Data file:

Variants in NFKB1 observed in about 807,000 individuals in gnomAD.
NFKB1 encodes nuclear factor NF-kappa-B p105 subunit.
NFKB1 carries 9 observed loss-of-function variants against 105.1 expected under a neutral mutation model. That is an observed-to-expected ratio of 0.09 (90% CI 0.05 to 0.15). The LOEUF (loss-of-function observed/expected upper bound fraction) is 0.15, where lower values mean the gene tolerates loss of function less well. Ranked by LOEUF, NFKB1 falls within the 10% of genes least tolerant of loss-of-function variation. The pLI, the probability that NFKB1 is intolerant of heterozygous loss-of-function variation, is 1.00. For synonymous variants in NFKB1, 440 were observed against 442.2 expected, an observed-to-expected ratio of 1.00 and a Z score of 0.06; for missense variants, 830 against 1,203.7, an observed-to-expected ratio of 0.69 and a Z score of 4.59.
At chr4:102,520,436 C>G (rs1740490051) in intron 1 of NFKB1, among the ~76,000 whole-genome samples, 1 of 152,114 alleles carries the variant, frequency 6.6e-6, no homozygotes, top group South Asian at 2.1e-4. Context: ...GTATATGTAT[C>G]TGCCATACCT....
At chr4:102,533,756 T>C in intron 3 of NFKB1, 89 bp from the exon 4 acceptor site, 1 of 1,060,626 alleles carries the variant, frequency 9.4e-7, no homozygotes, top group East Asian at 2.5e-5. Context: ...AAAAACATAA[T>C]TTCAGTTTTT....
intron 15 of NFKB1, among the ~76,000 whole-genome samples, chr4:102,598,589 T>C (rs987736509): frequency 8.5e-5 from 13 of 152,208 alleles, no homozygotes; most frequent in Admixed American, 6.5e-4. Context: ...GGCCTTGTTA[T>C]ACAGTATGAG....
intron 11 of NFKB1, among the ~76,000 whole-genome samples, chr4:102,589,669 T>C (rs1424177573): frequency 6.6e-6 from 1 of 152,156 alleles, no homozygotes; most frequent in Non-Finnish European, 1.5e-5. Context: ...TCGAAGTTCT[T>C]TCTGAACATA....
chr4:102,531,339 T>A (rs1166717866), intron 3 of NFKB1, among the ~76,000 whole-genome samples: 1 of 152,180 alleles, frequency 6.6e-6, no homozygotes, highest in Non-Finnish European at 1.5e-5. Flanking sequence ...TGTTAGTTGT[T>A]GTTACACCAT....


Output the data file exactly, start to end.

Variants in NFKB1 observed in about 807,000 individuals in gnomAD.
NFKB1 encodes nuclear factor NF-kappa-B p105 subunit.
NFKB1 carries 9 observed loss-of-function variants against 105.1 expected under a neutral mutation model. That is an observed-to-expected ratio of 0.09 (90% CI 0.05 to 0.15). The LOEUF (loss-of-function observed/expected upper bound fraction) is 0.15, where lower values mean the gene tolerates loss of function less well. Ranked by LOEUF, NFKB1 falls within the 10% of genes least tolerant of loss-of-function variation. The pLI, the probability that NFKB1 is intolerant of heterozygous loss-of-function variation, is 1.00. For synonymous variants in NFKB1, 440 were observed against 442.2 expected, an observed-to-expected ratio of 1.00 and a Z score of 0.06; for missense variants, 830 against 1,203.7, an observed-to-expected ratio of 0.69 and a Z score of 4.59.
At chr4:102,520,436 C>G (rs1740490051) in intron 1 of NFKB1, among the ~76,000 whole-genome samples, 1 of 152,114 alleles carries the variant, frequency 6.6e-6, no homozygotes, top group South Asian at 2.1e-4. Context: ...GTATATGTAT[C>G]TGCCATACCT....
At chr4:102,533,756 T>C in intron 3 of NFKB1, 89 bp from the exon 4 acceptor site, 1 of 1,060,626 alleles carries the variant, frequency 9.4e-7, no homozygotes, top group East Asian at 2.5e-5. Context: ...AAAAACATAA[T>C]TTCAGTTTTT....
intron 15 of NFKB1, among the ~76,000 whole-genome samples, chr4:102,598,589 T>C (rs987736509): frequency 8.5e-5 from 13 of 152,208 alleles, no homozygotes; most frequent in Admixed American, 6.5e-4. Context: ...GGCCTTGTTA[T>C]ACAGTATGAG....
intron 11 of NFKB1, among the ~76,000 whole-genome samples, chr4:102,589,669 T>C (rs1424177573): frequency 6.6e-6 from 1 of 152,156 alleles, no homozygotes; most frequent in Non-Finnish European, 1.5e-5. Context: ...TCGAAGTTCT[T>C]TCTGAACATA....
chr4:102,531,339 T>A (rs1166717866), intron 3 of NFKB1, among the ~76,000 whole-genome samples: 1 of 152,180 alleles, frequency 6.6e-6, no homozygotes, highest in Non-Finnish European at 1.5e-5. Flanking sequence ...TGTTAGTTGT[T>A]GTTACACCAT....